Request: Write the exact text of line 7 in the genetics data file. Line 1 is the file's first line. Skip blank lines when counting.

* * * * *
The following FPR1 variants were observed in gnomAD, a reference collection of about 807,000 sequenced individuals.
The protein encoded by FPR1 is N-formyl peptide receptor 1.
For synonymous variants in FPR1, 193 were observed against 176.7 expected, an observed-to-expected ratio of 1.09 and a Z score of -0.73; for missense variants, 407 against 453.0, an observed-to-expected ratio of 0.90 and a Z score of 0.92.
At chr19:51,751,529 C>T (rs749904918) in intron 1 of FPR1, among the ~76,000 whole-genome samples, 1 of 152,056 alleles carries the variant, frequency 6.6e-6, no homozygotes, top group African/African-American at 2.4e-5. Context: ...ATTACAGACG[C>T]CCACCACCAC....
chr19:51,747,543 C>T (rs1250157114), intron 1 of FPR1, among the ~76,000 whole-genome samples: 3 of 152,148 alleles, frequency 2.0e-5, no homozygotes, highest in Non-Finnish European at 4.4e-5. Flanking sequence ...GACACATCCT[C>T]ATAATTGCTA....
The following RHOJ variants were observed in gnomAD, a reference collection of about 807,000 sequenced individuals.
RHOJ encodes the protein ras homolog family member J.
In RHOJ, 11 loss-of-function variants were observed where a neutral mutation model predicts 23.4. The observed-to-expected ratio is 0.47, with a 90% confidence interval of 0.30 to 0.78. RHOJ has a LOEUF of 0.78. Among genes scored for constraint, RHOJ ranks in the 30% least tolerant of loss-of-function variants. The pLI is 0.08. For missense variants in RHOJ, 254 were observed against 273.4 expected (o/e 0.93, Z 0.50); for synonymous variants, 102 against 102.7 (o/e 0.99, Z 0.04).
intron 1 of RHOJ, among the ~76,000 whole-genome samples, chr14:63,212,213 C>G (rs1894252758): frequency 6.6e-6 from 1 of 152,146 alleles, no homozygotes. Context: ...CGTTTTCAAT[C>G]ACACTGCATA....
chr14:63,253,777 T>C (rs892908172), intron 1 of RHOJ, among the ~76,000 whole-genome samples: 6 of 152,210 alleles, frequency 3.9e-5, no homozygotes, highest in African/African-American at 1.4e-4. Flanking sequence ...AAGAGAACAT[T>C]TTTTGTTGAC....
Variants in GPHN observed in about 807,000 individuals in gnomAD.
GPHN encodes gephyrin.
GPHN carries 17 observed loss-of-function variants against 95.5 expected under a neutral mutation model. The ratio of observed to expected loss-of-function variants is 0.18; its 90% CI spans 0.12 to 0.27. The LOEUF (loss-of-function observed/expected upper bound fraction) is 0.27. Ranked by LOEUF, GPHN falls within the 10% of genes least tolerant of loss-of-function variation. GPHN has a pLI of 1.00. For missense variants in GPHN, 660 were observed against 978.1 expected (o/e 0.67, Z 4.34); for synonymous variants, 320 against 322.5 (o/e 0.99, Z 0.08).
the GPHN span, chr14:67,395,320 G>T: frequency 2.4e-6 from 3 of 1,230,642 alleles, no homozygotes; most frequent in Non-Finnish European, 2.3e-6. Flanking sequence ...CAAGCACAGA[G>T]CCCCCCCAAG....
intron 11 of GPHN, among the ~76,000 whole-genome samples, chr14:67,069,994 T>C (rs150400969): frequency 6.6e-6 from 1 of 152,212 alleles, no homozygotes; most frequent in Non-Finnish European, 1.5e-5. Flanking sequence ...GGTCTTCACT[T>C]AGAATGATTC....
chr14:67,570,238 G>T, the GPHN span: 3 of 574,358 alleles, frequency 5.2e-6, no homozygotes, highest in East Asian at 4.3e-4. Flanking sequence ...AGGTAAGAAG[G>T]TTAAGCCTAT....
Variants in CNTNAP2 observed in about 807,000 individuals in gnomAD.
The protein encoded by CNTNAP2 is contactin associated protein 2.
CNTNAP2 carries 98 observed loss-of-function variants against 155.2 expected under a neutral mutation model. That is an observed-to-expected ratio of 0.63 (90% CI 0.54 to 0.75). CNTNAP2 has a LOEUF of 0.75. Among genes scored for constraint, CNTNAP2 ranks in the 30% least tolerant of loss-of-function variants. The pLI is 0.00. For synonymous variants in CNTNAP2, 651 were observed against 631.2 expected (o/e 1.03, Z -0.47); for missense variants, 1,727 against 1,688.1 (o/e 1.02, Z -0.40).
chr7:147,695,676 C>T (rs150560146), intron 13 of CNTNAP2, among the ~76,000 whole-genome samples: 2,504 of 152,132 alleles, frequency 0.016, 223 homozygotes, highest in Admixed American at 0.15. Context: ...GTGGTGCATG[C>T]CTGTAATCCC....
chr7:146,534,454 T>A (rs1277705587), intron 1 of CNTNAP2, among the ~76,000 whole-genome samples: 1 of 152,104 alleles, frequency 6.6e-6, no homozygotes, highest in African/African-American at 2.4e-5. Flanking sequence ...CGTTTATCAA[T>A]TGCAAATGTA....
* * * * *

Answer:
RHOJ encodes the protein ras homolog family member J.